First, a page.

Treating Wet Age-Related Macular Degeneration

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How to Get the Most Out of a Virtual Doctor Visit for Wet AMD

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Age-related macular degeneration is the leading cause of permanent vision loss in people age 50 and older. Wet age-related macular degeneration (wet AMD) is the more advanced form of the disease, when vision loss develops. Regular eye check-ups and prompt treatment can slow the disease and protect your sight.

Telemedicine, or telehealth, can provide you access to your eye doctor from the comfort of your home, using a video or phone call. It isn't widely used for diagnosing or treating wet AMD, but it can be a more convenient way for your eye doctor to monitor your symptoms between office visits, and determine when you need to come in for follow-ups. During telehealth visits, you can meet with your doctor from the comfort and convenience of your home.

You'll get the most out of your telehealth visit if you do some planning in advance.

Keep track of your wet age-related macular degeneration symptoms.

In the early, or dry, form of AMD, you might not have had any symptoms. But in wet macular degeneration, as abnormal blood vessels in your eyes leak, they can cause increasingly blurry vision. Write down any blurriness or other symptoms you've had, so you can tell your doctor about them during your telemedicine visit.

Set up your technology.

Telemedicine visits are often done through videoconferencing services on your phone or computer. Find out which of these technologies your doctor will use, and whether you will need to download an app before your visit.

If you're new to these programs, do a test call ahead of time to make sure your audio and video are set up properly and are ready to go. That way you won't waste time during your appointment. You can ask your doctor's office staff to walk you through the process.

Make sure your Internet connection is strong enough to avoid cutting out during your visit. Spend some time checking your connection and learning how to use the telemedicine software. Also make sure your phone or computer is either fully charged or plugged in.

 

Check your insurance coverage.

Medicare and many private insurance companies will cover the cost of telehealth visits. Still, you may be responsible for a deductible and coinsurance. Call your insurance company before your appointment and ask how much you'll have to pay, so you won't have any unexpected bills after your visit.

Your eye doctor's office can also explain your coverage options for telemedicine. Remember to have your insurance card handy during your telehealth appointment.

Choose the right spot.

Find a place in your home where you won't be disturbed. Make sure the area has good lighting, so your doctor can see you clearly. They may want to examine or photograph your eyes.

Keep your prescriptions handy.

Have your eyeglass or contact lens prescription near your computer or phone to share with your doctor. Also have a list of prescription and over-the-counter medicines you take, both to treat your vision and other health conditions.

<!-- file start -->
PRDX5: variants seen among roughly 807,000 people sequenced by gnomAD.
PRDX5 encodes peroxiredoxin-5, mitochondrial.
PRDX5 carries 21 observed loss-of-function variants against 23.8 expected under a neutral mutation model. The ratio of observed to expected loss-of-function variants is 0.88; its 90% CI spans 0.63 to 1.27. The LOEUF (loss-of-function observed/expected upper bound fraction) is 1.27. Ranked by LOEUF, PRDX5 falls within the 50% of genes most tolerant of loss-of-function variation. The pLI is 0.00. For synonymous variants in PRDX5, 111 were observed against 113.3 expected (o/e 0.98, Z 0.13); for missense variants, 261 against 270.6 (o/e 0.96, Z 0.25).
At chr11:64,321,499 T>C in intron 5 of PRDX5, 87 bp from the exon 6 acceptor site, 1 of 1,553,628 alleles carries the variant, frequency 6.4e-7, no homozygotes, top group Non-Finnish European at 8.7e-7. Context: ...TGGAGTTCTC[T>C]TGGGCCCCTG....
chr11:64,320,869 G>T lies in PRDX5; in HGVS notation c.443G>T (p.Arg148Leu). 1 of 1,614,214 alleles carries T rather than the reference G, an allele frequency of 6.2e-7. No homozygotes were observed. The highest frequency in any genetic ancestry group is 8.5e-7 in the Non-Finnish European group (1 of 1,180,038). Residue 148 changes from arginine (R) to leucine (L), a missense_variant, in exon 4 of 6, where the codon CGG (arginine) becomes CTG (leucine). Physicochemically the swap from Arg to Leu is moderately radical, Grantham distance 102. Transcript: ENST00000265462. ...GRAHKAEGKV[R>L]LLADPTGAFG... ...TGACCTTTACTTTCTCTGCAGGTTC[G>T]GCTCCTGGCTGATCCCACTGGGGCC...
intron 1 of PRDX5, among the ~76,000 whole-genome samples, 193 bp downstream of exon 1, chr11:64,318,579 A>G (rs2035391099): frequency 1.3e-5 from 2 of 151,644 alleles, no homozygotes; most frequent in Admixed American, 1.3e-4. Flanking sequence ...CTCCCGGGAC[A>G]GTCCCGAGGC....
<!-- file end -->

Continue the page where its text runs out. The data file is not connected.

Write up a list of questions.

A wet AMD telehealth visit will be very similar to in-office visit. Since you’ll have a limited amount of time with your doctor, have a list of questions ready to ask. Put the most important questions at the top of the list, in case you don't have time to get through your whole list during the visit.

Here are some questions to get you started:

  • How much has my wet macular degeneration progressed?
  • Is the treatment I'm on helping?
  • If not, should I change to a different treatment?
  • What other treatments do you recommend?
  • How can I monitor my symptoms between visits?
  • When should I see you in person?
  • What else can I do to preserve my sight?

A virtual eye doctor visit doesn't replace in-office appointments for managing wet age-related macular degeneration. But between visits, it's a way for your eye doctor to check in with you and catch potential problems early enough to treat. Being well-prepared for each virtual visit will ensure you get the most out of the time you have to spend with your doctor.

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Medical Reviewer: William C. Lloyd III, MD, FACS
Last Review Date: 2021 May 25
THIS TOOL DOES NOT PROVIDE MEDICAL ADVICE. It is intended for informational purposes only. It is not a substitute for professional medical advice, diagnosis or treatment. Never ignore professional medical advice in seeking treatment because of something you have read on the site. If you think you may have a medical emergency, immediately call your doctor or dial 911.
  1. Telehealth. Medicare.gov. https://www.medicare.gov/coverage/telehealth
  2. Age-Related Macular Degeneration. National Eye Institute. https://www.nei.nih.gov/learn-about-eye-health/eye-conditions-and-diseases/age-related-macular-degeneration
  3. Brady CL and Garg S. Telemedicine for Age-Related Macular Degeneration. Telemedicine Journal and E-Health. 2020; 26(4):565-568.
  4. Wet Macular Degeneration. Mayo Clinic. https://www.mayoclinic.org/diseases-conditions/wet-macular-degeneration/diagnosis-treatment/drc-20351113